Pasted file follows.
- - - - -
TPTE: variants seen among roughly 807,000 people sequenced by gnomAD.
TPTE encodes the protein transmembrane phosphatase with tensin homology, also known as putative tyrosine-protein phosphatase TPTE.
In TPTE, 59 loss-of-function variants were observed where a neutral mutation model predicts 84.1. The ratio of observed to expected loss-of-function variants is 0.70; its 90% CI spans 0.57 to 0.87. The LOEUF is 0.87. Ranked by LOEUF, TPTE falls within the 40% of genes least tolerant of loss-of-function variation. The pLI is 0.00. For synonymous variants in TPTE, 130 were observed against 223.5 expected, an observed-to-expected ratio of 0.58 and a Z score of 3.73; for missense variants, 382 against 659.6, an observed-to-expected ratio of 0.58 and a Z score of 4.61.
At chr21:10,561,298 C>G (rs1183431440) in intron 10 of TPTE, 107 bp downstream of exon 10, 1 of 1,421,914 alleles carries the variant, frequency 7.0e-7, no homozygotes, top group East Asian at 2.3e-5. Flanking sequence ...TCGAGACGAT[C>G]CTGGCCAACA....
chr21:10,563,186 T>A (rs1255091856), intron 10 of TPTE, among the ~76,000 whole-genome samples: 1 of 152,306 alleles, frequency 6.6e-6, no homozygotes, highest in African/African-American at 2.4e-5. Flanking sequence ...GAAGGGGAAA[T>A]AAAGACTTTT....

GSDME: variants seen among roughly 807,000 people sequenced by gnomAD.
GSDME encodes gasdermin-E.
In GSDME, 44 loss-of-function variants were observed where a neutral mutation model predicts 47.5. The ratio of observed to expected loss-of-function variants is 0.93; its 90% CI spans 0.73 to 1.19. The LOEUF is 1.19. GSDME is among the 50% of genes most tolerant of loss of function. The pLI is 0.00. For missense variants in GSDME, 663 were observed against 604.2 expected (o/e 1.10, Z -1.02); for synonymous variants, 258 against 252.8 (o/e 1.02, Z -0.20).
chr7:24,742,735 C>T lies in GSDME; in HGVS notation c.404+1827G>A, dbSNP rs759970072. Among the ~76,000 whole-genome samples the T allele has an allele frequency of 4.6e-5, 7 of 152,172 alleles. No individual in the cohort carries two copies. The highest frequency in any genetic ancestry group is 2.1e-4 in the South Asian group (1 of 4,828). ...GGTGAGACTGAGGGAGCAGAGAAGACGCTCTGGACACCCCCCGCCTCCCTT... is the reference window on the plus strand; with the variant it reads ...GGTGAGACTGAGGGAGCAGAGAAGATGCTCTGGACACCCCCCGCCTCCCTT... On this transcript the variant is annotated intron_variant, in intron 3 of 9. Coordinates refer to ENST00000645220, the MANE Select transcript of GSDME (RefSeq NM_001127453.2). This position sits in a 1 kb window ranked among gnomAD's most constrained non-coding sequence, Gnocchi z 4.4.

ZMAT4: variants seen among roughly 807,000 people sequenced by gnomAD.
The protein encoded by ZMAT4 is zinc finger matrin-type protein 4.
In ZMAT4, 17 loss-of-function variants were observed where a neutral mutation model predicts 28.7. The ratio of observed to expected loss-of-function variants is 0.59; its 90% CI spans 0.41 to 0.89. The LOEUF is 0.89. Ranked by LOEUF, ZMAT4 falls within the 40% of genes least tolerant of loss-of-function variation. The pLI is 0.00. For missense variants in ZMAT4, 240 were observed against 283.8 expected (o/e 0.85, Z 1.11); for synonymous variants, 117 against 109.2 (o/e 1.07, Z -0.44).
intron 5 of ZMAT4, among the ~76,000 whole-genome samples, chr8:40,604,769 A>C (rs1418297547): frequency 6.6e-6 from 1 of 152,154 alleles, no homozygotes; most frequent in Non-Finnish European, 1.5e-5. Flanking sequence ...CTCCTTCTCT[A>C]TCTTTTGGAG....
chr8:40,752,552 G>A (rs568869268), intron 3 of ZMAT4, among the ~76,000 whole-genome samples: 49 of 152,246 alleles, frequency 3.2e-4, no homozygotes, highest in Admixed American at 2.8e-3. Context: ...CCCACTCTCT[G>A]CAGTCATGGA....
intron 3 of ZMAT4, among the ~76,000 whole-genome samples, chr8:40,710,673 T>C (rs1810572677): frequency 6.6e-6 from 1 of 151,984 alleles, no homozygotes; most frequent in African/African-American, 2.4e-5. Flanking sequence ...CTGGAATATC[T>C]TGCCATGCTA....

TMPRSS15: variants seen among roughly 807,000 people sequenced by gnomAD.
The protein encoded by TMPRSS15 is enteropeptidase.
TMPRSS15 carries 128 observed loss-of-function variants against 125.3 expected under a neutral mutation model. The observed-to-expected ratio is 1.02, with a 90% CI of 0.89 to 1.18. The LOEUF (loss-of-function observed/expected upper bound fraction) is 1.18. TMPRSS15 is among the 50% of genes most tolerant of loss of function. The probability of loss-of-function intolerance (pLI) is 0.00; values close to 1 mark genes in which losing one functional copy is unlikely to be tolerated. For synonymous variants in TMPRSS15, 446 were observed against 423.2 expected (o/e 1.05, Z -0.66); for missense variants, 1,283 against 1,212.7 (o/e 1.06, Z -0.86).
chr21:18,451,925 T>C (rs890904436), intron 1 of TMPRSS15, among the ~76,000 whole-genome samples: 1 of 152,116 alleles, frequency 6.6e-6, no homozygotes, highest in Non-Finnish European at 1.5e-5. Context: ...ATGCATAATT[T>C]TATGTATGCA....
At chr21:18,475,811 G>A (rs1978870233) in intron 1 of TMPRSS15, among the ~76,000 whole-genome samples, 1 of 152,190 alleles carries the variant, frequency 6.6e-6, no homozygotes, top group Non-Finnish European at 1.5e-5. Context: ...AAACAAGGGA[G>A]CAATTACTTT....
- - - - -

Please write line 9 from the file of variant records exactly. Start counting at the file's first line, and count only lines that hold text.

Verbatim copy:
chr7:24,742,735 C>T lies in GSDME; in HGVS notation c.404+1827G>A, dbSNP rs759970072. Among the ~76,000 whole-genome samples the T allele has an allele frequency of 4.6e-5, 7 of 152,172 alleles. No individual in the cohort carries two copies. The highest frequency in any genetic ancestry group is 2.1e-4 in the South Asian group (1 of 4,828). ...GGTGAGACTGAGGGAGCAGAGAAGACGCTCTGGACACCCCCCGCCTCCCTT... is the reference window on the plus strand; with the variant it reads ...GGTGAGACTGAGGGAGCAGAGAAGATGCTCTGGACACCCCCCGCCTCCCTT... On this transcript the variant is annotated intron_variant, in intron 3 of 9. Coordinates refer to ENST00000645220, the MANE Select transcript of GSDME (RefSeq NM_001127453.2). This position sits in a 1 kb window ranked among gnomAD's most constrained non-coding sequence, Gnocchi z 4.4.